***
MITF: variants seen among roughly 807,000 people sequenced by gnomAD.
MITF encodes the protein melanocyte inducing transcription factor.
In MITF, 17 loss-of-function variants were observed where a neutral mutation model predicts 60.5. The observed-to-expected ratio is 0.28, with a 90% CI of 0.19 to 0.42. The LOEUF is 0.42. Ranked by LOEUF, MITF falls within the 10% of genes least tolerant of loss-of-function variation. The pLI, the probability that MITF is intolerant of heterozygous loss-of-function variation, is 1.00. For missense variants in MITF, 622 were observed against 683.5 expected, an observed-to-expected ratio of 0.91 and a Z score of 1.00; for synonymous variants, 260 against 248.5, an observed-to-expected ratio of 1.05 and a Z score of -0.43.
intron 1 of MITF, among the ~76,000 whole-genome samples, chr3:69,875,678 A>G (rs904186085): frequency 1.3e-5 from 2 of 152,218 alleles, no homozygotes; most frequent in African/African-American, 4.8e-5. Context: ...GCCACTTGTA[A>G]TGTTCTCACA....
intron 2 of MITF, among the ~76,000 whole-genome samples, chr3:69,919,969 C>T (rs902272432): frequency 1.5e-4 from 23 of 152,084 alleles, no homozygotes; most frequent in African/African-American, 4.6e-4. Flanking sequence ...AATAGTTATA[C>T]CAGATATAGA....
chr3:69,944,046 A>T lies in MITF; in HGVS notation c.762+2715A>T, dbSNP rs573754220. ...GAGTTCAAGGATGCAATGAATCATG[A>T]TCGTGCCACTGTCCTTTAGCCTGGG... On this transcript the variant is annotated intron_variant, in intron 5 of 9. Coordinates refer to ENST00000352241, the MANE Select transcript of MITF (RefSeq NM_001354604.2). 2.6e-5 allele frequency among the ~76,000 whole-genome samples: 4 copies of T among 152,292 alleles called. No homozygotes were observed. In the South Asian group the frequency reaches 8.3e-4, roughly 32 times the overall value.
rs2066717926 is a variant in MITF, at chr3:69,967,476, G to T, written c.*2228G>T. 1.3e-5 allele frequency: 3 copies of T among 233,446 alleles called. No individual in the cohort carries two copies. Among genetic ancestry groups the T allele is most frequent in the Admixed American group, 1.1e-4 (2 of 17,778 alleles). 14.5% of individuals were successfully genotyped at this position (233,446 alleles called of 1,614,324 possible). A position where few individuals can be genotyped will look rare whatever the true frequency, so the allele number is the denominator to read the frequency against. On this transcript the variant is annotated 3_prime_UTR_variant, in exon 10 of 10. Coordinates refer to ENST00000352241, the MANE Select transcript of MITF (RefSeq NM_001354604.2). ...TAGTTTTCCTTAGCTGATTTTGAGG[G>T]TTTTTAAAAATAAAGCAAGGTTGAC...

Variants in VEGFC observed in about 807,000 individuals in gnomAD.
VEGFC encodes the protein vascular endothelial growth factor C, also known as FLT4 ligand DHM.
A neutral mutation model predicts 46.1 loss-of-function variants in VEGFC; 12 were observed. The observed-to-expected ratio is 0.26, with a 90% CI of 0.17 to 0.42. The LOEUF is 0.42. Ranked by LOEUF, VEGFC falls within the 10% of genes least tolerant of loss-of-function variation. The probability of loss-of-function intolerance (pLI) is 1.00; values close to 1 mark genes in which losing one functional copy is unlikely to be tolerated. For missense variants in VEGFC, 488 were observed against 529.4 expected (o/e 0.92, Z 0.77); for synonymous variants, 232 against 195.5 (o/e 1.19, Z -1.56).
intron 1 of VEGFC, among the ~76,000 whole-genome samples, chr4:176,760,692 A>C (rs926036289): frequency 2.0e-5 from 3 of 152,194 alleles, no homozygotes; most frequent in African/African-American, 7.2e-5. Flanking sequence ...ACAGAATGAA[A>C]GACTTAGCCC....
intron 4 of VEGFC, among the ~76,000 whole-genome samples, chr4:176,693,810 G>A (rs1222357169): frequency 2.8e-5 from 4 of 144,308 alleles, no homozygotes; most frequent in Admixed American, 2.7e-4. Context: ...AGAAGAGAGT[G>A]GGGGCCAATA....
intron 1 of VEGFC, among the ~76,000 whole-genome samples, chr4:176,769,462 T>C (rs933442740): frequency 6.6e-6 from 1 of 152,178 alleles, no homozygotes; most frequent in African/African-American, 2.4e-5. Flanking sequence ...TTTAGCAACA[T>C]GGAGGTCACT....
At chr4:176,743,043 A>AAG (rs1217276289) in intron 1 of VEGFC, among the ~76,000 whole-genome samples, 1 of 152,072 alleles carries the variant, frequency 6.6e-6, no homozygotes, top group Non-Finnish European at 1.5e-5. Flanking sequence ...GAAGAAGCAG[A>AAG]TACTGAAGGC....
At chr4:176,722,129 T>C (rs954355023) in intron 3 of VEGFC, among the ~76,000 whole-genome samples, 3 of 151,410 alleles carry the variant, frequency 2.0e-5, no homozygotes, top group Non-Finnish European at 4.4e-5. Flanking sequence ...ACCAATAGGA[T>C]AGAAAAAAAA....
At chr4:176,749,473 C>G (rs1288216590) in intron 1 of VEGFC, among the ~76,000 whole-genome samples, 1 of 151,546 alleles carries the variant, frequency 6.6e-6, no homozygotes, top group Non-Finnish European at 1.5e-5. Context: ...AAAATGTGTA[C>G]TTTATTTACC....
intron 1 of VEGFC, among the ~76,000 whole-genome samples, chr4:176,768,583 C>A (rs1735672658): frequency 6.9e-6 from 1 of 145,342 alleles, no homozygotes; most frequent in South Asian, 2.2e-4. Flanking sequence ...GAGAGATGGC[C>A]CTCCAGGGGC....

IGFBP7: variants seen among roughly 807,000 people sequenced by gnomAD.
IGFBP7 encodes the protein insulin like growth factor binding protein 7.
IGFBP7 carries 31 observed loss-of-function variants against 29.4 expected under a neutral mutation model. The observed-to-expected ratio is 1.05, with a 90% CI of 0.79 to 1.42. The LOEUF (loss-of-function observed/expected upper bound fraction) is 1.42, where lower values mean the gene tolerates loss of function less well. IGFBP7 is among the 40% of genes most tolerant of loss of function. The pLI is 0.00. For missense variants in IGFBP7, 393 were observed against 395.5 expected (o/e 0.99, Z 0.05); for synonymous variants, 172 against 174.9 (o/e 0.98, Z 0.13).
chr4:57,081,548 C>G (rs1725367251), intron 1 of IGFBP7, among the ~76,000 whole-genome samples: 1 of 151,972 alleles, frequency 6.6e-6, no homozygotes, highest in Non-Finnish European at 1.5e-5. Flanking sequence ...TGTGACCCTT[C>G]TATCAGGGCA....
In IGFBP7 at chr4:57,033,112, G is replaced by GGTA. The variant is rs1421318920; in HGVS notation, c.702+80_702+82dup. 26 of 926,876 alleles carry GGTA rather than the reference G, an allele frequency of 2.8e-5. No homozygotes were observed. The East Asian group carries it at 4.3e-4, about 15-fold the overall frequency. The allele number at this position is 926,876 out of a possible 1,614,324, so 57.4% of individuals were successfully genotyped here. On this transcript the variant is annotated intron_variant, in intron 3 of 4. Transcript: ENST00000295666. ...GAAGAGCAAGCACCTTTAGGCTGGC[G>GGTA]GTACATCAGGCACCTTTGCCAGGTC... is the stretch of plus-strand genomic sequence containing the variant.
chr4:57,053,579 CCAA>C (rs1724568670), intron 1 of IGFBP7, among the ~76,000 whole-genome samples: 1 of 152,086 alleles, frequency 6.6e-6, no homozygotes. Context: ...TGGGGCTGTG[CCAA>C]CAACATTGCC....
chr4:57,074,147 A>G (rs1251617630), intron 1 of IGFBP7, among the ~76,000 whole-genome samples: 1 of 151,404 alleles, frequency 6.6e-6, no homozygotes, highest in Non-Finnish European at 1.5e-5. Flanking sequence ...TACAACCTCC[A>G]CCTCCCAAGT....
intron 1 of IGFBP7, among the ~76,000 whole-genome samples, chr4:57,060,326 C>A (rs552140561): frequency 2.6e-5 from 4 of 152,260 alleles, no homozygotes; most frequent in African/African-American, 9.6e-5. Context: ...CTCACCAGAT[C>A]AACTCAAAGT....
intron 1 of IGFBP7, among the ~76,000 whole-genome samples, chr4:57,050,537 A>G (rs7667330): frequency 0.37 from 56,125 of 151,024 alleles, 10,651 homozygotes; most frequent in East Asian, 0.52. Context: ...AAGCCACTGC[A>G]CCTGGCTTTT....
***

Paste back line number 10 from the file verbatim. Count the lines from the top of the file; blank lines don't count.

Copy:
A neutral mutation model predicts 46.1 loss-of-function variants in VEGFC; 12 were observed. The observed-to-expected ratio is 0.26, with a 90% CI of 0.17 to 0.42. The LOEUF is 0.42. Ranked by LOEUF, VEGFC falls within the 10% of genes least tolerant of loss-of-function variation. The probability of loss-of-function intolerance (pLI) is 1.00; values close to 1 mark genes in which losing one functional copy is unlikely to be tolerated. For missense variants in VEGFC, 488 were observed against 529.4 expected (o/e 0.92, Z 0.77); for synonymous variants, 232 against 195.5 (o/e 1.19, Z -1.56).